Photo by Lee Pellegrini
Boston College Assistant Professor of Chemistry Matthias Waegele, whose research explores potential routes to cleaner energy sources, has received a CAREER Award from the National Science Foundation that will provide $675,000 in research funding during the next five years.
The NSF’s Faculty Early Career Development Program supports early-career faculty who “have the potential to serve as academic role models in research and education and to lead advances in the mission of their department or organization,” according to the foundation. The program is intended to prepare faculty to be leaders who integrate teaching and research.
“I feel very fortunate to receive this CAREER award from the National Science Foundation,” said Waegele. “This award will provide important support to the research going on in my lab, which was developed thanks to an NSF grant I was awarded three years ago. This new award will further the development of the lab and our research agenda.”
Waegele, who joined the BC Chemistry faculty in 2015, is a physical chemist with research interests in electrocatalysis, a subfield of catalysis in which an electric potential is utilized to drive chemical transformations at a solid/liquid interface.
“Electrocatalysis is an intriguing approach because it can directly utilize electricity from renewable sources to facilitate chemical conversions,” Waegele said. “Further, the electric potential enables reactions that are not easily realizable with catalysts that work by supplying heat.”
Waegele said he and his team of researchers focus on chemical systems that show the potential for the production of renewable fuels and high-value commodity chemicals. Specifically, Waegele studies processes that convert carbon dioxide into fuels and other valuable chemicals.
“When petroleum products are burned, energy, water, and carbon dioxide are liberated. Because it is a greenhouse gas, carbon dioxide is an undesirable waste product of this process,” he explained. “If we could reverse this process with the input of renewable energy, we could continue to take advantage of the benefits of petroleum products without net emission of carbon dioxide.”
In other words, Wagele said, his lab is exploring ways to recycle carbon dioxide. Such a recycling process would create what scientists call a “closed carbon cycle.” While various chemical routes of converting carbon dioxide to fuels are known, it is still not possible to carry out these processes with sufficient energy efficiency and the required degree of control, also known as product selectivity.
“In this field of study, fundamental chemical questions are closely coupled to broad and global questions about sustainability that touch almost every aspect of modern society.”
With his NSF funding, Waegele will study the interplay between a liquid electrolyte and a copper electrode. This solid/liquid junction forms a catalytically active interface.
“This interface is highly complex,” he said. “Its catalytic properties sensitively depend on the chemical composition of the liquid and the surface structure of the electrode. What makes its study so challenging is that the interfacial characteristics evolve during reaction conditions. Central to the inquiry is how these evolving interfacial properties exert control over product selectivity during the conversion of carbon dioxide.”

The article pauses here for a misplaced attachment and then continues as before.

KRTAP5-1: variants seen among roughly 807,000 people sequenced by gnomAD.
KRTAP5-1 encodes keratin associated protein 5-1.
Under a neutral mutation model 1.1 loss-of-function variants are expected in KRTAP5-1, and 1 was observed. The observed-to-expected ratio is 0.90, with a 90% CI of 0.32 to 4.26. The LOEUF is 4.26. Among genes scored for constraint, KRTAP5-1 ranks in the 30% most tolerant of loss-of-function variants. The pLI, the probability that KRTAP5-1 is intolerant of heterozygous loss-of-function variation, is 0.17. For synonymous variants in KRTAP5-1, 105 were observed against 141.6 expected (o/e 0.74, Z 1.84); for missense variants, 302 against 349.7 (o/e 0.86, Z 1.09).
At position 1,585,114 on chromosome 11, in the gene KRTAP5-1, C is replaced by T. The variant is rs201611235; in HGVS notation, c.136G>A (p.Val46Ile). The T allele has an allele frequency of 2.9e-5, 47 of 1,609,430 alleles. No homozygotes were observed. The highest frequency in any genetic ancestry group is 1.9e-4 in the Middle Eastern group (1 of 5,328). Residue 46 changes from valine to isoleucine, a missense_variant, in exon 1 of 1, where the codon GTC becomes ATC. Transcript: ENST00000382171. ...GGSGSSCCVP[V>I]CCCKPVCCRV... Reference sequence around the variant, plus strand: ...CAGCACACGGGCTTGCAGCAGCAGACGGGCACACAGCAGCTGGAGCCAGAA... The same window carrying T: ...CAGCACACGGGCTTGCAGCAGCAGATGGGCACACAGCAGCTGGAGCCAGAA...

The lab uses intricate measurement technologies to better understand the chemical reaction and how to control it. Waegele specializes in a technique known as surface-enhanced infrared absorption spectroscopy, or SEIRAS. This approach utilizes the interaction between light and matter to probe molecules at the interface during catalysis. In particular, in this spectroscopic technique, the vibrations of molecules are examined. These vibrations are specific to the chemical structures of molecules and can therefore be utilized to probe chemical reactions.
Traditionally, SEIRAS and product detection are carried out separately. “The different experimental conditions that are often employed during the two experiments make it very difficult to correlate the catalytic properties of the interface with observed products,” Waegele said.
To address this challenge, Waegele’s team couples SEIRAS with differential electrochemical mass spectrometry, known as DEMS, a technique that probes product formation during catalysis.
“Studying the interface with SEIRAS while monitoring product formation with DEMS at the same time allows us to understand how interfacial properties give rise to the products generated,” Waegele said. “We hope that our efforts will lead to a much deeper understanding how to steer the product selectivity of this intriguing process.
“It is exciting to work in a research field that is so dynamic and relevant to one of the greatest challenges of our time,” he said. “It also provides great learning opportunities for graduate and undergraduate students because in this field of study, fundamental chemical questions are closely coupled to broad and global questions about sustainability that touch almost every aspect of modern society.”
—Ed Hayward | University Communications | October 2019